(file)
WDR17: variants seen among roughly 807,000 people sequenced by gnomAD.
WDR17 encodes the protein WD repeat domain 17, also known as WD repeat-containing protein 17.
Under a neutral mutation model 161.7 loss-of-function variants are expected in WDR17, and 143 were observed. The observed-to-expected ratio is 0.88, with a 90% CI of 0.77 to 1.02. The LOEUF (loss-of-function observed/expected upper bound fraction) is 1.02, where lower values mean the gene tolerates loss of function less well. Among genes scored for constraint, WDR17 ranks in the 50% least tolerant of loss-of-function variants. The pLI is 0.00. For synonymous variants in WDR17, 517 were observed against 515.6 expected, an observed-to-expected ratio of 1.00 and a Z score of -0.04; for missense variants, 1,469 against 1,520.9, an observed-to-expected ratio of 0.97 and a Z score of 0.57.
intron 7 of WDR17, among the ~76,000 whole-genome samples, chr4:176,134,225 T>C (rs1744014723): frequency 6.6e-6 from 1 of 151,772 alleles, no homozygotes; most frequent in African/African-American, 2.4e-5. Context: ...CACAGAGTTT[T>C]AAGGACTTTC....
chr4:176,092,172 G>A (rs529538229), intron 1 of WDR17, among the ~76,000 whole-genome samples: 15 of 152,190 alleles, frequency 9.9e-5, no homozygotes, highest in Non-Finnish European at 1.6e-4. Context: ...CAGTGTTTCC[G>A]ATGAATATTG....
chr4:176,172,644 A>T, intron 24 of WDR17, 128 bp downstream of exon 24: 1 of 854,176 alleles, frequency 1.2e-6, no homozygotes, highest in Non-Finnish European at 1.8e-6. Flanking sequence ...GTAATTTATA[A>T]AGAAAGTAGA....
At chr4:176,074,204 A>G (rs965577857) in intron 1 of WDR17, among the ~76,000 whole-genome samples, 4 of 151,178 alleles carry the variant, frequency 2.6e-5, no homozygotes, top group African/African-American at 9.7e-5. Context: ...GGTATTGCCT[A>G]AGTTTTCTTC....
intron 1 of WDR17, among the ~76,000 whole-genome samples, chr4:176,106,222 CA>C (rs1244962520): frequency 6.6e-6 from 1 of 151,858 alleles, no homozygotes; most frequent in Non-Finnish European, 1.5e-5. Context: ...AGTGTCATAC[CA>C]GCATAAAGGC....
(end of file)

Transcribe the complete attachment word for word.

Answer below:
WDR17: variants seen among roughly 807,000 people sequenced by gnomAD.
WDR17 encodes the protein WD repeat domain 17, also known as WD repeat-containing protein 17.
Under a neutral mutation model 161.7 loss-of-function variants are expected in WDR17, and 143 were observed. The observed-to-expected ratio is 0.88, with a 90% CI of 0.77 to 1.02. The LOEUF (loss-of-function observed/expected upper bound fraction) is 1.02, where lower values mean the gene tolerates loss of function less well. Among genes scored for constraint, WDR17 ranks in the 50% least tolerant of loss-of-function variants. The pLI is 0.00. For synonymous variants in WDR17, 517 were observed against 515.6 expected, an observed-to-expected ratio of 1.00 and a Z score of -0.04; for missense variants, 1,469 against 1,520.9, an observed-to-expected ratio of 0.97 and a Z score of 0.57.
intron 7 of WDR17, among the ~76,000 whole-genome samples, chr4:176,134,225 T>C (rs1744014723): frequency 6.6e-6 from 1 of 151,772 alleles, no homozygotes; most frequent in African/African-American, 2.4e-5. Context: ...CACAGAGTTT[T>C]AAGGACTTTC....
chr4:176,092,172 G>A (rs529538229), intron 1 of WDR17, among the ~76,000 whole-genome samples: 15 of 152,190 alleles, frequency 9.9e-5, no homozygotes, highest in Non-Finnish European at 1.6e-4. Context: ...CAGTGTTTCC[G>A]ATGAATATTG....
chr4:176,172,644 A>T, intron 24 of WDR17, 128 bp downstream of exon 24: 1 of 854,176 alleles, frequency 1.2e-6, no homozygotes, highest in Non-Finnish European at 1.8e-6. Flanking sequence ...GTAATTTATA[A>T]AGAAAGTAGA....
At chr4:176,074,204 A>G (rs965577857) in intron 1 of WDR17, among the ~76,000 whole-genome samples, 4 of 151,178 alleles carry the variant, frequency 2.6e-5, no homozygotes, top group African/African-American at 9.7e-5. Context: ...GGTATTGCCT[A>G]AGTTTTCTTC....
intron 1 of WDR17, among the ~76,000 whole-genome samples, chr4:176,106,222 CA>C (rs1244962520): frequency 6.6e-6 from 1 of 151,858 alleles, no homozygotes; most frequent in Non-Finnish European, 1.5e-5. Context: ...AGTGTCATAC[CA>C]GCATAAAGGC....